Project description:The six-minute walk test (6MWT) is a simple test that is widely used to assess functional exercise capacity in patients with idiopathic pulmonary fibrosis (IPF). Patients with IPF have reduced exercise capacity due to a number of factors, such as impaired respiratory mechanics and circulatory problems. As a self-paced and usually submaximal exercise test, the 6MWT reflects the exercise level of everyday activities. Variables measured during the 6MWT, such as six-minute walk distance (6MWD) and desaturation, are strong predictors of mortality in patients with IPF. However, the results of a 6MWT are affected by numerous factors, including age, body size, comorbidities and the use of supplemental oxygen during the test, and these need to be borne in mind when interpreting the results of individual and serial tests. Clinical studies, including trials of potential therapies for IPF, have differed in the methodology used to implement the 6MWT, hindering the comparison of results across studies. In this review, I describe the utility of the 6MWT in patients with IPF and provide recommendations for standardisation of the test for use both in clinical practice and research. A brief video on how to set up and administer the 6MWT is available at http://www.usscicomms.com/respiratory/lancaster/6mwt/.
Project description:Rationale:Idiopathic pulmonary fibrosis (IPF) is a progressive fibrotic interstitial lung disease, with high mortality. Currently, the aetiology and the pathology of IPF are poorly understood, with both innate and adaptive responses previously being implicated in the disease pathogenesis. Heat shock proteins (Hsp) and antibodies to Hsp in patients with IPF have been suggested as therapeutic targets and prognostic biomarkers, respectively. We aimed to study the relationship between the expression of Hsp72 and anti-Hsp72 antibodies in the BAL fluid and serum Aw disease progression in patients with IPF. Methods:A novel indirect ELISA to measure anti-Hsp72 IgG was developed and together with commercially available ELISAs used to detect Hsp72 IgG, Hsp72 IgGAM, and Hsp72 antigen, in the serum and BALf of a cohort of IPF (n = 107) and other interstitial lung disease (ILD) patients (n = 66). Immunohistochemistry was used to detect Hsp72 in lung tissue. The cytokine expression from monocyte-derived macrophages was measured by ELISA. Results:Anti-Hsp72 IgG was detectable in the serum and BALf of IPF (n = 107) and other ILDs (n = 66). Total immunoglobulin concentrations in the BALf showed an excessive adaptive response in IPF compared to other ILDs and healthy controls (p = 0.026). Immunohistochemistry detection of C4d and Hsp72 showed that these antibodies may be targeting high expressing Hsp72 type II alveolar epithelial cells. However, detection of anti-Hsp72 antibodies in the BALf revealed that increasing concentrations were associated with improved patient survival (adjusted HR 0.62, 95% CI 0.45-0.85; p = 0.003). In vitro experiments demonstrate that anti-Hsp72 complexes stimulate macrophages to secrete CXCL8 and CCL18. Conclusion:Our results indicate that intrapulmonary anti-Hsp72 antibodies are associated with improved outcomes in IPF. These may represent natural autoantibodies, and anti-Hsp72 IgM and IgA may provide a beneficial role in disease pathogenesis, though the mechanism of action for this has yet to be determined.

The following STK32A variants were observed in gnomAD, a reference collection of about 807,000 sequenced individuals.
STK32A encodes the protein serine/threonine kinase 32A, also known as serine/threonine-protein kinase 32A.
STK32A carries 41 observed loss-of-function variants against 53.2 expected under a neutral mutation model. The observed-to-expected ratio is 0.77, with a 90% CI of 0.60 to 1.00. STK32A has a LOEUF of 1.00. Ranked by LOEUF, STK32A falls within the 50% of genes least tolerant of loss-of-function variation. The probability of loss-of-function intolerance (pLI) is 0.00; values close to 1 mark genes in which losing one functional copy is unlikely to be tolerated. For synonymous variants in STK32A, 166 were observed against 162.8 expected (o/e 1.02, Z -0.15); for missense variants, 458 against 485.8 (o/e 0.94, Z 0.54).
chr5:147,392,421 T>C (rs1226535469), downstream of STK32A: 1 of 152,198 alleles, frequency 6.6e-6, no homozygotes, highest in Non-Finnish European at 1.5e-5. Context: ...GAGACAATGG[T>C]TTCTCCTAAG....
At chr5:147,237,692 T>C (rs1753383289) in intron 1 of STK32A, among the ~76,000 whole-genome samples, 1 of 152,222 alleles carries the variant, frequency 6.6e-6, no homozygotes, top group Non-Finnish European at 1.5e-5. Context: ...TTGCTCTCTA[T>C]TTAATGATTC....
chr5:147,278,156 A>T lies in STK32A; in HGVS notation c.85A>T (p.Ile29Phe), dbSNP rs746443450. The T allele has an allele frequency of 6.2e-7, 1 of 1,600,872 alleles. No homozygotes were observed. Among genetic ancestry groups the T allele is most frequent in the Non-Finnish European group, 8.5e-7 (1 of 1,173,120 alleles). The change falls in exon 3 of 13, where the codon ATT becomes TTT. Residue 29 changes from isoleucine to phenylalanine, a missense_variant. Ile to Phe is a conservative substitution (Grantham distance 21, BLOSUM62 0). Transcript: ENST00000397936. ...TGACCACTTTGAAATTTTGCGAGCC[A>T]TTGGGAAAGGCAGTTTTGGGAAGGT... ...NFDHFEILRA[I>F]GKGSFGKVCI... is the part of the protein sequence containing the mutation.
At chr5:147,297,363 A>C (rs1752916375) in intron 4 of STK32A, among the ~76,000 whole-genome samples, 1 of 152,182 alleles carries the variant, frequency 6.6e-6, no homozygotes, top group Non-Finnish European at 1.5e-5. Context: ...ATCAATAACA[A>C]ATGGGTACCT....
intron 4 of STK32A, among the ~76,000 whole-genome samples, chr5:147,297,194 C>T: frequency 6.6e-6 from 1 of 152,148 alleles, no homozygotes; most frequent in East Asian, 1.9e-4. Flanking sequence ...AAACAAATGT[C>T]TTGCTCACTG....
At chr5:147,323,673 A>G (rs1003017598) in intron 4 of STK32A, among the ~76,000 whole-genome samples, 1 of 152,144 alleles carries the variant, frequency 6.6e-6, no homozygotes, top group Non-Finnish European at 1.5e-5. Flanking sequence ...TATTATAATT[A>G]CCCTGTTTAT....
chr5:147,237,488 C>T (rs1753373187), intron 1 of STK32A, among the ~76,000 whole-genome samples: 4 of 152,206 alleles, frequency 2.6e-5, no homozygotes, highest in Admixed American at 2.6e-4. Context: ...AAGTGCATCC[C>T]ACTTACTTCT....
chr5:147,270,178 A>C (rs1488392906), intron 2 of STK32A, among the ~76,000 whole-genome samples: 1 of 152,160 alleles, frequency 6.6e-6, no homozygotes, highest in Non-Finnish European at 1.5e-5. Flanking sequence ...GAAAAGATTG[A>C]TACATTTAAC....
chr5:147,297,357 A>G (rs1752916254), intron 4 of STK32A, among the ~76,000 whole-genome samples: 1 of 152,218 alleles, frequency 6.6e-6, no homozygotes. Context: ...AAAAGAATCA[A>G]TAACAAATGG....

Project description:Background: New biomarkers are urgently needed to facilitate diagnosis in Interstitial Lung Diseases (ILD), thus reducing the need for invasive procedures, and to enable tailoring and monitoring of medical treatment. Methods: In this study we investigated if patients with idiopathic pulmonary fibrosis (IPF; n = 21), non-IPF ILDs (n = 57) and other lung diseases (chronic obstructive pulmonary disease (COPD) n = 24, lung cancer (LC) n = 16) as well as healthy subjects (n = 20) show relevant differences in exhaled NO (FeNO; Niox MINO), or in eicosanoid (PGE2, 8-isoprostane; enzyme-linked immunosorbent assay (ELISA)) levels as measured in exhaled breath condensates (EBC) and bronchoalveolar lavage fluids (BALF). Results: There was no significant difference in FeNO values between IPF, non-IPF ILDs and healthy subjects, although some individual patients showed highly elevated FeNO. On the basis of the FeNO signal, it was neither possible to differentiate between the kind of disease nor to detect exacerbations. In addition, there was no correlation between FeNO values and lung function. The investigation of the eicosanoids in EBCs was challenging (PGE2) or unreliable (8-isoprostane), but worked out well in BALF. A significant increase of free 8-isoprostane was observed in BALF, but not in EBCs, of patients with IPF, hypersensitivity pneumonitis (HP) and sarcoidosis, possibly indicating severity of oxidative stress. Conclusions: FeNO-measurements are not of diagnostic benefit in different ILDs including IPF. The same holds true for PGE2 and 8-isoprostane in EBC by ELISA.